In September, authorities in the Mexican city of Iguala forced 43 students from the Ayotzinapa Normal School into a police vans after a protest against rising university costs and government education reforms. The 43 students have not been seen since.

An event held Monday at the University’s School of Social Work focused on Mexico’s Missing 43. Associate Anthropology Prof. Jason De León moderated a panel that featured speakers Jaime Pensado, director of the Latin American Studies program at the University of Notre Dame and Jorge Najera Godinez, a visiting student from Guerrero who has lived in Iguala.

In the weeks since the students’ disappearance, Iguala’s mayor, José Luis Abarca, vanished after authorities issued a warrant for his arrest. Iguala is in the Mexican state of Guerrero, which has been a center of cartel-related violence in recent years. Mass graves have been found, but investigators have not yet been identified as the remains of the missing students. Investigators say that the local police delivered the students to the Mexican drug cartel Guerreros Unidos. Four members of the cartel were arrested and provided the investigators with more information on the case.

The event, which drew about 70 people, was hosted by the Latin American and Caribbean Studies department and Multi-Ethnic Student Affairs and co-sponsored by the International Institute, the Latina/o Studies Program and the Romance Languages and Literature departments. A vigil was held at the Diag after the event.

“We have been brought here by together to talk about these missing 43 students, but this is not an anomaly unfortunately,” De León said. “It’s been happening for a very, very long time and it’s unfortunate that it takes this sort of event to raise attention in the U.S. media.”

However, he noted, many of these challenges are related to broader global processes, including U.S. foreign policy.

“As a community we want to understand the gravity and also the horror of what is going on, and understand better the situation of students who are fighting for economic and social justice in Mexico,” said Alexandra Minna Stern, director of the Latin American and Caribbean Studies department.

Pensado presented on the similarities and differences between Mexico today and Mexico of the 1960s, focusing on 1968 when student movements were also taking place. However, the student movements were much less popular than current activities. Today, the movements are largely non-partisan and unsupportive of political parties in general, attracting students from Mexico’s elite universities, conservative and Catholic students, as well as participants from both sides of the political spectrum.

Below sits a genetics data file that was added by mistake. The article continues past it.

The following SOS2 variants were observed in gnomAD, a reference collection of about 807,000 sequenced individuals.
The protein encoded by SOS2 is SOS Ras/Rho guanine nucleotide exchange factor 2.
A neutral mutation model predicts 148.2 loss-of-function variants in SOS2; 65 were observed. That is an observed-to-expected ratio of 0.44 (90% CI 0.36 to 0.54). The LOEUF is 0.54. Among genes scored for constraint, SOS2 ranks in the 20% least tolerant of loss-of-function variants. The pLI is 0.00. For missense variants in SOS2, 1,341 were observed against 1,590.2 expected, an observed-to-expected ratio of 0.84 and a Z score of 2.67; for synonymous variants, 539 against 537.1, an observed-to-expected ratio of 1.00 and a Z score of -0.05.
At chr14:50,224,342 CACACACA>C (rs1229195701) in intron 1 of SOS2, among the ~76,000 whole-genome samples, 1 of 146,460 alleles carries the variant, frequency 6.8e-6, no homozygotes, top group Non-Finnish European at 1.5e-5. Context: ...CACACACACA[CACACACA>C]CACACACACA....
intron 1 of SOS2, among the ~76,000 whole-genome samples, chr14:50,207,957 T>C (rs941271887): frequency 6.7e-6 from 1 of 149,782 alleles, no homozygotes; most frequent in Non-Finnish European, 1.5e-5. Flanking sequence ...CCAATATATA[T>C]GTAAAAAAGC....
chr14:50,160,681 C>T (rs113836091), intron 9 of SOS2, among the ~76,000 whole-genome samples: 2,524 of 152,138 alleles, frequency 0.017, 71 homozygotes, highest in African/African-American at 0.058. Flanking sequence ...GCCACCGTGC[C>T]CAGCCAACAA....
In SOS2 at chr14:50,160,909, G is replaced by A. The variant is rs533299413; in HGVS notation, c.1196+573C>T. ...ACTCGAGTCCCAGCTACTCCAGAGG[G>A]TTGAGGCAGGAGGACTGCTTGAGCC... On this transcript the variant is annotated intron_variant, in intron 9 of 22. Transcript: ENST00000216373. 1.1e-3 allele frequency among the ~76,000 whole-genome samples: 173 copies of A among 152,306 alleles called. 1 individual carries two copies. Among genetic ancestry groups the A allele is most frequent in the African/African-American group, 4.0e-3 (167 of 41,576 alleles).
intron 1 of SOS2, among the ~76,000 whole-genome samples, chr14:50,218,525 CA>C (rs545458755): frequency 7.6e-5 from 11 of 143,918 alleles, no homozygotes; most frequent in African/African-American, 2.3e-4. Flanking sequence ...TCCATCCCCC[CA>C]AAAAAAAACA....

“What I want to emphasize today is a sense of optimism that I see,” Pensado said. “I’ve been fascinated by the social uprising that has developed not only in Mexico City but across the nation and across the world in support of the people of Guerrero, but also to sort of question and pressure the Mexican state to finally transform its system so that things like this will not happen again.”

Pensado noted that there are two options that could follow: a peaceful social movement or an armed uprising.

“Every time there is a massacre in the state of Guerrero, it has been followed by a guerilla uprising,” Pensado said.

Pensado noted that in Guerrero today, citizens have essentially two governments, the actual state and the narco-state, meaning citizens often pay taxes to both authorities as the link between legal and illegal activity becomes increasingly blurred.

“What you have now is people directly associated with the narco- trafficking and so on, running for elections and winning elections,” Pensado said. “And this is something that was really unheard of if you think of Mexico’s ‘dirty war’ of the 1970s for instance.”

He noted that in his experience people in Mexico have three reactions toward the situation: fear, distrust of government and anger that is especially prevalent among youth. Pensado noted that 47 out of Mexico’s 81 municipalities have developed self-defense brigades.

Godniez, who spoke partly in Spanish via a translator, was awarded a scholarship to study at the University.

“I just arrived here two months ago and am planning to come back to study my Ph.D., but I want to go back to my community to help my people,” Godinez said.

Godinez noted that what happened in Iguala happens elsewhere in Mexico. The normal schools in the region, where he noted that being an indigenous person is a requirement to gain admission, are the poorest in Guerrero. He also said that the indigenous students are some of the most marginalized in the state.

Godinez said students’ only options are finishing their studies and try to find work, immigrate illegally to the United States or become involved with the cartels.

“The local media, they don’t care about what is happening with our own people so that is really sad,” Godinez said. “Because the media is working for the government, it’s working with the President. And if they are going to show something on the TV is going to be something where the students are acting violent. That’s the only way that they can show something on TV.”

De León emphasized the importance of raising awareness about the plight of these students.

“I think with what’s going on with the student movement now, in order to sustain itself,” he said, “I think there has to be this global push to keep this stuff in the media so it doesn’t become the thing of the hour and then go away again which we continuously are seeing happen.”

Leave a comment

Your email address will not be published.